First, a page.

Nonverbal Communication in the Large Ensemble Classroom

Speaking Between the Lines:

Nonverbal Communication in the Large Ensemble Classroom

By NAfME Member Nicholas E. Roseth


Nonverbal communication—in the form of conducting, body language, and other physical or social cues—plays a powerful role in large ensemble classrooms. Even before conducting the first downbeat of a rehearsal or concert, nonverbal communication is at work. This article will describe several examples of how nonverbal communication can support (or hinder!) musicality, engagement, classroom management, proximity and motivation.





One of our objectives as conductors is to communicate musicality. But, conducting your ensemble when the students do not need conducting may train students to ignore your conducting and any musicality you aim to express.

For example, imagine you have a routine warm-up or frequent exercise that is played the same way on a regular basis. Your students are (probably) able to play it without you. If you conduct this routine exercise, students will begin to ignore your conducting because you are not communicating any new information that requires attention. In short, you may become a glorified human metronome with students trained to not watch you.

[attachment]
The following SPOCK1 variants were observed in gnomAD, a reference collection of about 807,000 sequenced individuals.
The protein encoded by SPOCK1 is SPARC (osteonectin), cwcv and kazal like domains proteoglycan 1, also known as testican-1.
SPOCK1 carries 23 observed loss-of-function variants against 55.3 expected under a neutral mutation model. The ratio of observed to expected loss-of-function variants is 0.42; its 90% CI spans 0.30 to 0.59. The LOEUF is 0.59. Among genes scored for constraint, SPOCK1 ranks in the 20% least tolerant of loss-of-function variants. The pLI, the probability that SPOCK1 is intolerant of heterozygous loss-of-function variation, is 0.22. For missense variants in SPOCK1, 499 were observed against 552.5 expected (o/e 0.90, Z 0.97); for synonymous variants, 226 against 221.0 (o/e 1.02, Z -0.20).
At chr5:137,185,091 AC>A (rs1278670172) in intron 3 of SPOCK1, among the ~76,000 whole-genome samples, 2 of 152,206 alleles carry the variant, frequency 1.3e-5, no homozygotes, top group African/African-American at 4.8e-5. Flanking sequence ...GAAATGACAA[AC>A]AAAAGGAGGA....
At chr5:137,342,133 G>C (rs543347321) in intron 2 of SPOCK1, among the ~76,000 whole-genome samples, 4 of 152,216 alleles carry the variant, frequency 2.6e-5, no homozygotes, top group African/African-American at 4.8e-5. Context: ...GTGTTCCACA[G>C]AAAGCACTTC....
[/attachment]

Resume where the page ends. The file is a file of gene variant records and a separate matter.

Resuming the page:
One solution: Stop conducting. Allow students to perform the routine exercise without you. Perhaps challenge them to listen in some meaningful and purposeful way.

Or, stop conducting and do something else while the students play. For example, while students are performing a routine exercise, you might move around the room and check posture, bow holds, or embouchure.

Or, add some variety (dynamics, articulations, tempo changes, etc.) to the routine exercise but only conduct the new meaningful musical information (for example, do not conduct the pulse and only conduct newly added dynamics).